Kotlin Varargs

Read my post about functions before this. Kotlin supports a variable number of arguments (varargs). That means, when you write a function, you can make it in such a way that it accepts any number of arguments.

kotlin varargs
fun main(args: Array<String>) {
    printNames()
    printNames("Kale")
    printNames("Kale","Kate")
    printNames("Kale", "Kate","Ashley")
}

fun printNames(vararg names : String) {
    for(name in names)
        println("Name : $name")
    println()
}

See the above example. The keyword vararg is used to denote variable length argument. While writing a function we don’t know how many arguments will be passed. We then iterate over the variable length argument, which is a list of Strings.

It is also possible to extract the individual arguments using the get function.
Like this:

fun main(args: Array<String>) {
    printNames("Kale", "Kate","Ashley")
}

fun printNames(vararg names : String) {
    println("Name = ${names.get(0)}")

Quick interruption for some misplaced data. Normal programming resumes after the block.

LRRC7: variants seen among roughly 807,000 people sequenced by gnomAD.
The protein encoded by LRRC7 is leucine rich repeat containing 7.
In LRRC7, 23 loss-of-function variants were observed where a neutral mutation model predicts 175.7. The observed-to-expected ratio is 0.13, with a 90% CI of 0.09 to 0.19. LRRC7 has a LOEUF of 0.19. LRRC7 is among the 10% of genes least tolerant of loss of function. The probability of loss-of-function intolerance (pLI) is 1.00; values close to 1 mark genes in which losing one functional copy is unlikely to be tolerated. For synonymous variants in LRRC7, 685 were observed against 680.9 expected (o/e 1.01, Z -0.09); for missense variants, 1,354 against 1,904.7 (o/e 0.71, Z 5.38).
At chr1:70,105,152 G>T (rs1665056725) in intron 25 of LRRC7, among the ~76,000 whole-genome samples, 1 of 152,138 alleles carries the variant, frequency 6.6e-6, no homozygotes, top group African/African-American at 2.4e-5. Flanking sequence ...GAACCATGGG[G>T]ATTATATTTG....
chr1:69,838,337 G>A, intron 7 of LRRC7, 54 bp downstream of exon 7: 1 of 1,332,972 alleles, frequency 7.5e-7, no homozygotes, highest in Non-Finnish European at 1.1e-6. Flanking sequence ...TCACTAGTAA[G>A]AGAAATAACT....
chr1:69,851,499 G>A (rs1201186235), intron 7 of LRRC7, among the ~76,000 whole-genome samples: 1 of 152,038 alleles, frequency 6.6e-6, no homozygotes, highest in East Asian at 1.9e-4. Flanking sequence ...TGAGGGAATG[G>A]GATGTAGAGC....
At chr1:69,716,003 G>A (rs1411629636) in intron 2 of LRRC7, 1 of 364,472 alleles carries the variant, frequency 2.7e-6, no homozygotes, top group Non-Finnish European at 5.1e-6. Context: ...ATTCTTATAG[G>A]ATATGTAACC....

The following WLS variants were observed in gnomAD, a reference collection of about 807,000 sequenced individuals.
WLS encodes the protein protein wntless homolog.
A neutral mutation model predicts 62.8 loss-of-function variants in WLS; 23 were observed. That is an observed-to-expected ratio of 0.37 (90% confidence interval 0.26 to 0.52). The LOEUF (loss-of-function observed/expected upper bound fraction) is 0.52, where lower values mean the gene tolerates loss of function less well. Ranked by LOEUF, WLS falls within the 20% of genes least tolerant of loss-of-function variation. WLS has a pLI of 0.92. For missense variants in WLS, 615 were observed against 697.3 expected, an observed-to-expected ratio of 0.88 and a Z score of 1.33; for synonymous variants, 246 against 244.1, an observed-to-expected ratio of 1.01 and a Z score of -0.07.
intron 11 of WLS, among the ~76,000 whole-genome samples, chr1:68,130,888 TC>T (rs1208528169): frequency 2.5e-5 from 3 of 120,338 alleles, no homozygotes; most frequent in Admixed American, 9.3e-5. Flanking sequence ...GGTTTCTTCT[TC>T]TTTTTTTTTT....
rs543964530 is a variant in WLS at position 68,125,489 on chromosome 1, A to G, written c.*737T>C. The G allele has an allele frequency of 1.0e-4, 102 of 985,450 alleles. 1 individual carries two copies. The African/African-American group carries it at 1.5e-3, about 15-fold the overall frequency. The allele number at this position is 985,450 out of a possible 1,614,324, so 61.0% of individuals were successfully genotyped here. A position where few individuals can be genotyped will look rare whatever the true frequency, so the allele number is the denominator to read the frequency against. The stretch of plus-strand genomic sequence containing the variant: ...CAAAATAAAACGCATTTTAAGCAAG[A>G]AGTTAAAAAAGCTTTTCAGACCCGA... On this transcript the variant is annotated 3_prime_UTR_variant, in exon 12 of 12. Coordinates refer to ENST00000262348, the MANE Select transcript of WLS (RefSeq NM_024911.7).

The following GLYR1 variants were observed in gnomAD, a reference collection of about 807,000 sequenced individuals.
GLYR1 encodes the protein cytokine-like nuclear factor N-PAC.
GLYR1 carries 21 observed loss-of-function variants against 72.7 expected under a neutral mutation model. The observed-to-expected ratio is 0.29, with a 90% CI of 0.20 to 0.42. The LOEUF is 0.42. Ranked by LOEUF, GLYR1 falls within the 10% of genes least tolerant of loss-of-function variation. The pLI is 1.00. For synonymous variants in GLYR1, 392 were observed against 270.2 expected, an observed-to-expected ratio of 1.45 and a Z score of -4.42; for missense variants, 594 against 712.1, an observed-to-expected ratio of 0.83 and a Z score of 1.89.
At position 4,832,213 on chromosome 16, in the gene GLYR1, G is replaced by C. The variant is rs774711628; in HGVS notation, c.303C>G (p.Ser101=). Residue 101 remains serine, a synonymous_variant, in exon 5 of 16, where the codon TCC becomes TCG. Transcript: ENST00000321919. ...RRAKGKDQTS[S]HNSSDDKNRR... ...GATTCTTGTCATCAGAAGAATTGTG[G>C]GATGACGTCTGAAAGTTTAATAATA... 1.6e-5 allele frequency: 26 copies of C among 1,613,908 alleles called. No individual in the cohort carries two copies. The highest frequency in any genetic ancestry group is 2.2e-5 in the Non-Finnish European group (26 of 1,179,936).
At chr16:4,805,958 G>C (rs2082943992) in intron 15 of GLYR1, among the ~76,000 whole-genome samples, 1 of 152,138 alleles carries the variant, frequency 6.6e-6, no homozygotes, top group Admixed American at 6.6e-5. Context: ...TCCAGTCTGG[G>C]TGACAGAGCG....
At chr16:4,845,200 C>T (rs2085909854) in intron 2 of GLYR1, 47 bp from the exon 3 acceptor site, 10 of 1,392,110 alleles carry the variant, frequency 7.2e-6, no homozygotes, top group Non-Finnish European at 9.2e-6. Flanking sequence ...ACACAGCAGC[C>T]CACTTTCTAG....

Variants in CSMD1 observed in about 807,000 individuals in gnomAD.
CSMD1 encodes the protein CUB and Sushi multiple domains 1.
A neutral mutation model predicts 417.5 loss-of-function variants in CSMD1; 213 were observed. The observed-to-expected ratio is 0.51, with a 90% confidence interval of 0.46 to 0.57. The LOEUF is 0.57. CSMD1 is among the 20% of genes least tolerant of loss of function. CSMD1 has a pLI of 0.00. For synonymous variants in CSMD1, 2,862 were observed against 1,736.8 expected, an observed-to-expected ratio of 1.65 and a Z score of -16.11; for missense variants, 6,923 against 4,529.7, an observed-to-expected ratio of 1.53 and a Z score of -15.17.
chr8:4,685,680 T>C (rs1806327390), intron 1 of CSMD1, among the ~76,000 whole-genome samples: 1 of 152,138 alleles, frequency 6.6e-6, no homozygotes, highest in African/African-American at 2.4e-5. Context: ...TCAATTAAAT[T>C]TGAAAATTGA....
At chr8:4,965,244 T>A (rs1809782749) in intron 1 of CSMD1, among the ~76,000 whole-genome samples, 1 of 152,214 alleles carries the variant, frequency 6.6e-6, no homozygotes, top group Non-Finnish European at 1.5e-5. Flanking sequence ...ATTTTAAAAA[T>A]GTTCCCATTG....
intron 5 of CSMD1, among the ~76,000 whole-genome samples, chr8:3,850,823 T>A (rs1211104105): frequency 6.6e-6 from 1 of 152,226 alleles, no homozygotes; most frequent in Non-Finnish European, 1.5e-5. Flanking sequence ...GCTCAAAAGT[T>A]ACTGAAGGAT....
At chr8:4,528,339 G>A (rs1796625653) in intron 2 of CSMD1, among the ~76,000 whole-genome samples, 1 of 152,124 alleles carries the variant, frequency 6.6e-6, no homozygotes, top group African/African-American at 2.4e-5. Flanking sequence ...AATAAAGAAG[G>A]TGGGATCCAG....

println("Name = ${names.get(1)}")
    println("Name = ${names.get(2)}")
}

The problem is that, we never know how many arguments we are going to receive in the function. So, it’s always a nice idea to iterate using a for loop.

We can mix normal arguments and varargs. It works fine.
See this:

fun main(args: Array<String>) {
    printNames(4,"Kale", "Kate","Ashley")
}

fun printNames(firstArg : Int, vararg names : String) {
    println("First argument. Not variable length : $firstArg")
    println("Name = ${names.get(0)}")
    println("Name = ${names.get(1)}")
    println("Name = ${names.get(2)}")
}

Here the parameter firstArg is the normal type of argument. We are using a vararg after that. In this case, when the function is called, we must supply the first argument, because it’s not optional.

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